A few funny takes on the news

Taking a step back from the seriousness of the news, we can find some humor. Here are a few thoughts to ponder.

Did anyone tell the president a side effect of taking hydroxychloroquine is hair loss? I mean the guy already has a two feet long comb over.

Does Mike Pence practice that puppy dog loyalty expression in the mirror? His boss has said some of the most inane things right in front of him (like ingesting disinfectant) and he does not break from that expression.

Did you hear the nickname Joe Biden gave the highly prolific nick-naming president? Joe called him “President Tweety.” I am not a fan of name calling, but this one, while colorful and apt, may be one of the least offensive ones he could have used. I may have said “Mr. Tweety” instead, but again it is colorful and descriptive of an excessive tweeter.

Joe Biden is a decent man and will help bring us together, if elected, but people should refrain from showing him saying things he should not out loud as way to say he is getting senile. Joe has a history of saying things he could have checked. On the upside, in one interview, he let the cat out of the bag and forced Obama to publicly embrace same sex marriage before Obama was ready to. When the ACA was signed, he could be heard whispering to Obama, “this is a big f***ing deal.”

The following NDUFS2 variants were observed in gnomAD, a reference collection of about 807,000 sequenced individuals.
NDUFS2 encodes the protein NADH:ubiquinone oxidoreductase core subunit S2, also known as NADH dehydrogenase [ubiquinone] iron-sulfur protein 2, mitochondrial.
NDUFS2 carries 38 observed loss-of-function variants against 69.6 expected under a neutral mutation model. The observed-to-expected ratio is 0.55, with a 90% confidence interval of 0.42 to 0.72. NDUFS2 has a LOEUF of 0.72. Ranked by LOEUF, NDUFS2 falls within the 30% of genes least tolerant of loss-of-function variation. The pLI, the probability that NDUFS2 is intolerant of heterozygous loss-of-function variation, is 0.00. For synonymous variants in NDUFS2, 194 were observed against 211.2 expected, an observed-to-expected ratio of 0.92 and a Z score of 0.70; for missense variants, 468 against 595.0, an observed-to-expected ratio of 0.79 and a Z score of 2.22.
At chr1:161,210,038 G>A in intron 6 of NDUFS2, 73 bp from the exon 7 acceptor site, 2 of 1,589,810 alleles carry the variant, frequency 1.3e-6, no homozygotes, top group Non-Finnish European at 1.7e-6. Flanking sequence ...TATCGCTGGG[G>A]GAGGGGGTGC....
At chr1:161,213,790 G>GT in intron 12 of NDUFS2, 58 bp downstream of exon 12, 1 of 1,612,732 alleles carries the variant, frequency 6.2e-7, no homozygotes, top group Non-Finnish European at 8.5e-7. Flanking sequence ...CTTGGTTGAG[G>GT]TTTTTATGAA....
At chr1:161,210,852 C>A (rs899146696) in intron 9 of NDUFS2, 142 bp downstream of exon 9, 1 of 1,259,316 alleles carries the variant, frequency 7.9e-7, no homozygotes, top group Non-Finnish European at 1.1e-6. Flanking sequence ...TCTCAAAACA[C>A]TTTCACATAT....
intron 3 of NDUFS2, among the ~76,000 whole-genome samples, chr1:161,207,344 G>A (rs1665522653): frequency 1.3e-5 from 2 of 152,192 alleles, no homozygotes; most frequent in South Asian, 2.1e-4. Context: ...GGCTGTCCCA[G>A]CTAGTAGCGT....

One of the funniest sights occurred when the president spoke of ingesting or injecting disinfectant to cure COVID-19, then turning to Dr. Deborah Birx for corroboration. Watching her try to disappear in her chair with a mortified look on her face was priceless. It reminded of the times in high school where you prayed the teacher would not call on you.

The last place a White House staff member wants to be is behind the president when he goes off script. Unfortunately, I am tall and could not hide. I am reminded of former FBI Director James Comey, who is about 6’9″ tall. He was in the White House and he was trying to blend into the blue curtains with his navy blue suit to avoid be called on. Unfortunately, the president found him and called him out to shake his hand.